Well, it had to rhyme somehow.
Say, how do you get your Free Boston Newspaper when you get one? Do you take one from the stand, or do you avail yourself of the services of a conveniently-placed newspaper-giver-outer? I usually go and get one from a friendly newspaper-giver-outer at the T stop before I go to work. But now in South Station, I have to run the Gauntlet Of Other Newspaper Giver-Outers. If I were to graciously take a copy from everyone I run into, I'd have a stack of papers of my own... which I'd probably then stop and try to give away for free. There used to be one or two hawkers; now I'm dodging newspaper giver-outers by the hogshead.
See, time was when I saw two, maybe three newspaper-givin' people out there during my Red Line commute from Davis to South Station. The first one was a Portuguese gentleman in the Davis T stop, handing out copies of the Metro. He was a very nice fella. Then he was accompanied by an older guy who loved hollering "MET-ro pay-PAH!" and was always very friendly and wished everybody a good morning. I don't even think he was an actual Metro employee; he looked old enough to be living in nearby Ciampa Manor and who just loved hanging out in the morning playing paperboy and chatting with the nice people went by. Sometimes I felt conflicted as I liked both fellows and felt bad if I took the paper from one guy and didn't from the other.
Then there was the cool black lady in South Station who had a lovely sing-song cadence: "Free MET-ro, good MOR-ning!" She made a point to say hi to all the kids who happened to be going by with their parents, and said "Good morning, Sista!" to every other black woman she saw. While I fit in neither category, I thought it was kind of neat, but wondered if any of the women ever felt uncomforable by the greeting.
Then one day they disappeared. And I saw that the Metro was hiring paper giver-outers. Did they cut everybody and re-hired anew to save money on raises or something? The new people were shaky, nervous, and the turnover is swift. Davis Square has seen quite a few since just January. There's been a new woman at South Station for a while and she started out real nervous, but I've noticed over time how she's became friends with the older woman who sells the Herald by the ramp to the escalators. One presumes that has picked up a few pointers from the Herald lady as she now sounds a bit more, well, professional as a paper-hawker.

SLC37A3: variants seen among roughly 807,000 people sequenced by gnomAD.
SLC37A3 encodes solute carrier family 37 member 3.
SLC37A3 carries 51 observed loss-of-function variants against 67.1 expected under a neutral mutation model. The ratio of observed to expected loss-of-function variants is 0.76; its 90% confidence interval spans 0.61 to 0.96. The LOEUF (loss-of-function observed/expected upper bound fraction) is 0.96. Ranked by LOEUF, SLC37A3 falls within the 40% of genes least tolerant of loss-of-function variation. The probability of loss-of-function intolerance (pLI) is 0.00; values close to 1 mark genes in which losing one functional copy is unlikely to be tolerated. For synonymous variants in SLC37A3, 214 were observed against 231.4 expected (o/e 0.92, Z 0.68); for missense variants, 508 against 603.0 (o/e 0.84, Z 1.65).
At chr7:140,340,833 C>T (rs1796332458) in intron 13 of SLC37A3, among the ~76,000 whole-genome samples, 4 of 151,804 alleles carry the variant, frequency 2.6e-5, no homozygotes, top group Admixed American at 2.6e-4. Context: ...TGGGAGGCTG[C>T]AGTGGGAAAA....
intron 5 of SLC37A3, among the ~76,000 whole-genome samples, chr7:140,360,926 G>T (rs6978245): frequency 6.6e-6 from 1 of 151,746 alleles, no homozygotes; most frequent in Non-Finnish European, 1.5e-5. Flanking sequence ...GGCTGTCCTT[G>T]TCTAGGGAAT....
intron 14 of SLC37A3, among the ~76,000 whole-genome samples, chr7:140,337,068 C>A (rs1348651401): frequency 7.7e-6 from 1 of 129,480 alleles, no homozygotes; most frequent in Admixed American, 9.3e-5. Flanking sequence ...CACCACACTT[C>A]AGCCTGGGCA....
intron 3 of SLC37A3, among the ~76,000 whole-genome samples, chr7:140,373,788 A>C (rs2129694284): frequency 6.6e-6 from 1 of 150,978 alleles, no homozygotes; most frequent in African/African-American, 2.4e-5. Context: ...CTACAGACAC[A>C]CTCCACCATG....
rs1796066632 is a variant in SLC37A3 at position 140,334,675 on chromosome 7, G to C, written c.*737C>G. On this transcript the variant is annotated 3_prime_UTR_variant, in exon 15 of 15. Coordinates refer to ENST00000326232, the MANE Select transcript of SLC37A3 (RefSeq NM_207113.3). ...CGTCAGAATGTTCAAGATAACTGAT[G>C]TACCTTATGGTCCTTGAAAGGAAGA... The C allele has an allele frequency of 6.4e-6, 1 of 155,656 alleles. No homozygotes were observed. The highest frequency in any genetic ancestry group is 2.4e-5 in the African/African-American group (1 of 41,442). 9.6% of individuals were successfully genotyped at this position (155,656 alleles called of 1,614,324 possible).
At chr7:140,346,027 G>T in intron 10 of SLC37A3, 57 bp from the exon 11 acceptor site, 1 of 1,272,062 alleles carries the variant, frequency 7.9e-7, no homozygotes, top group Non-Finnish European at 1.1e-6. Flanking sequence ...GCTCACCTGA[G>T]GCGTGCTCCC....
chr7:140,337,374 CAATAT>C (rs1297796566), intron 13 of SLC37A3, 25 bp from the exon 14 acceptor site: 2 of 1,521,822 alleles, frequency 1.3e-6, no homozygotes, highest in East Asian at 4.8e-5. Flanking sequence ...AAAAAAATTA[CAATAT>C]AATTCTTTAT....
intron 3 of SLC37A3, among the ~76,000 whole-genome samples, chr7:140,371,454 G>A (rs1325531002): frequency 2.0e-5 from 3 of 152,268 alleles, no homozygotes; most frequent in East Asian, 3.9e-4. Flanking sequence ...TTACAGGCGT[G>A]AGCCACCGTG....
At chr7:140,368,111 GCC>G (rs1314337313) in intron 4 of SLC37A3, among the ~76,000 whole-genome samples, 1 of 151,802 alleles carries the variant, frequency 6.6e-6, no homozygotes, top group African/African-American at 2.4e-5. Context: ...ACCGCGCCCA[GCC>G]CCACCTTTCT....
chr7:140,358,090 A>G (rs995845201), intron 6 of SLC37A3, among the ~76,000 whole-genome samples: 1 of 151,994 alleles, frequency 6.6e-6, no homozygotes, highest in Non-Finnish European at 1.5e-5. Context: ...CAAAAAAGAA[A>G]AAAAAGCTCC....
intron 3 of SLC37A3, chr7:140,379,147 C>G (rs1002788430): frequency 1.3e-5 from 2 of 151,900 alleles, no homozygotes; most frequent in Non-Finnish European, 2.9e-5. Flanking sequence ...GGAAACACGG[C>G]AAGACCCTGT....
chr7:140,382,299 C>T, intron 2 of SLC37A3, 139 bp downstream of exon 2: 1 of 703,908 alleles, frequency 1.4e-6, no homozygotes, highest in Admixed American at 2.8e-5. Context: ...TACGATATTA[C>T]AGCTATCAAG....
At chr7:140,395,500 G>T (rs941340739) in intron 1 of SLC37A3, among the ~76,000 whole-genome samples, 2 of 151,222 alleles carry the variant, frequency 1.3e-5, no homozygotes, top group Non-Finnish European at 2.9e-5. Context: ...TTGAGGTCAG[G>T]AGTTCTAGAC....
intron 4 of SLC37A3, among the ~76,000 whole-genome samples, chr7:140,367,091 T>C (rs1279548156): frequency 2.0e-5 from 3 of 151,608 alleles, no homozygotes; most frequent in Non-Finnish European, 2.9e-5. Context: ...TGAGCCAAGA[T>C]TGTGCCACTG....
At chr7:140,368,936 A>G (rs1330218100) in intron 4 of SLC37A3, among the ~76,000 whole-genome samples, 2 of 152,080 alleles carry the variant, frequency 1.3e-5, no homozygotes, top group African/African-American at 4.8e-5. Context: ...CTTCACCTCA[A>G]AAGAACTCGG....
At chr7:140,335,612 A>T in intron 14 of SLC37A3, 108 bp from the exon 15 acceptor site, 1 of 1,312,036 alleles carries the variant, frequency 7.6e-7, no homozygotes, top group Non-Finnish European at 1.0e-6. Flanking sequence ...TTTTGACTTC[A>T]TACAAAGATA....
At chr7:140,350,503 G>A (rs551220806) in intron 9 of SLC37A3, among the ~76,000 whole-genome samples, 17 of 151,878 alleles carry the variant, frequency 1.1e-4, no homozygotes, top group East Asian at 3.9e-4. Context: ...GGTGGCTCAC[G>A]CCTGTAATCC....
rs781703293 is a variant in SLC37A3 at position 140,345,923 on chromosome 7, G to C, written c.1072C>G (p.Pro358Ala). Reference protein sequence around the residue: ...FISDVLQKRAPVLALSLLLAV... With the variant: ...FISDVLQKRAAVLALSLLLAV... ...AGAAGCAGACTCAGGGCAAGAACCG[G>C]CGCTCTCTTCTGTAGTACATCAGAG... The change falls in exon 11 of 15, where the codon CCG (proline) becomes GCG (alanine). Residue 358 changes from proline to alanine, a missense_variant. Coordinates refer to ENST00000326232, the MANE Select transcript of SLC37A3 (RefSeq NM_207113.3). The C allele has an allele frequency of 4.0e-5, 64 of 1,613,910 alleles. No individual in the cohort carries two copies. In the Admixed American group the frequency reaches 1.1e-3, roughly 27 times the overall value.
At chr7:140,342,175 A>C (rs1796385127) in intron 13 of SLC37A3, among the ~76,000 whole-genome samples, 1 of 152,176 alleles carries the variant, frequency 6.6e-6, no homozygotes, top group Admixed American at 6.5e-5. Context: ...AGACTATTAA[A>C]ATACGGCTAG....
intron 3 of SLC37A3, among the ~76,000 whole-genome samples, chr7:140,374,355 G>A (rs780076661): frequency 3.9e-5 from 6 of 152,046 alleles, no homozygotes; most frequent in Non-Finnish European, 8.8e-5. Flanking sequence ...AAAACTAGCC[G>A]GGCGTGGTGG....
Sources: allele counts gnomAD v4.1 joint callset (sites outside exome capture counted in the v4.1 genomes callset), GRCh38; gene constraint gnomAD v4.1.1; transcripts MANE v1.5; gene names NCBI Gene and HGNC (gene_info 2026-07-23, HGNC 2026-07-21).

Then along came BostonNOW, the brand-new revolutionary newspaper that's
At South Station they're on the subway station concourse, they're outside on the train platforms, near the Atlantic Ave crosswalk, along the length of Summer Street near where the car service folks hang out. THEY'RE EVERYWHERE. Maybe BostonNOW(TheRestOfYouSchlubsLATER) could run a scary picture on their front page of people in brightly colored vests with stacks of newspapers. DAILY ACCOSTING! the headline could screen. WILL YOU BE NEXT?! ARE YOUR CHILDREN, ON THEIR WAY TO THE CHILDREN'S MUSEUM, SAFE? For the luvva Pete, someone bring Hank Phillipi Ryan in on the case!
There's the newsboy stereotype, you know, EXTRY EXTRY READ ALL ABOUT IT, ELIOT NESS CONFRONTS AL CAPONE'S GOONS IN AN ALL-OUT SHOOT-OUT! The one thing they had going for them, besides using the word "EXTRY" and phrases like "Aw, nuts to yer old man!" when someone gave 'em a wooden nickel, was their exuberance and enthusiasm. They proclaimed they had papers, there was something great to read in the papers, and maybe you should think about getting a paper.
This new breed of paper giver-outers has no such exuberance. While their job is dependent on fulfilling a quota of Papers Given Out, they don't treat the product as newspapers. They treat it as Yet Another Handout That Most People Won't Take -- or, worse yet, treat it as some form of mendicant's job.
"Metro paper?" one asks, dully hopefully, sticking a newspaper out half-heartedly. "BostonNOW? Newest paper in town?" the other asks, as if he is unsure himself of what he's hawking. All repeatedly in the same tone as, say, "Any spare change? Spare change? Spare change?" And when two rival newspaper giver-outers are near each other, they try their best to outquestion the other. See, the Metro's whole reason for employing newspaper giver-outers in the first place was to add to their newspaper the Personal Experience, a friendly face attached to the newspaper brand that you see every morning, with whom you exchange wishes for a good day as you rush by to your train. That personal experience is completely diminished if you have to dodge a chorus line of sullen hawkers who can't remove that question mark from their pitches, and thus keep a copy of your paper firmly in hand as you run by them so they don't try to single you out for a half-hearted offer.
Even the Herald has been getting into the act at South Station, giving away in the afternoon the copies they couldn't sell for four bits in the morning. I hear the Glob practices this as well elsewhere in town, but South Station, boy howdy that's Herald territory. And their hawkers at least know the ropes. "FREE HERALD!" one guy on Summer Street routinely bellows, which of course prompts me to really want to reply with the ol' chestnut "RIGHT ON! HE DIDN'T DO NOTHING!" But so far, I've resisted temptation. I mean, I bet he hasn't heard THAT one in two, maybe three hours.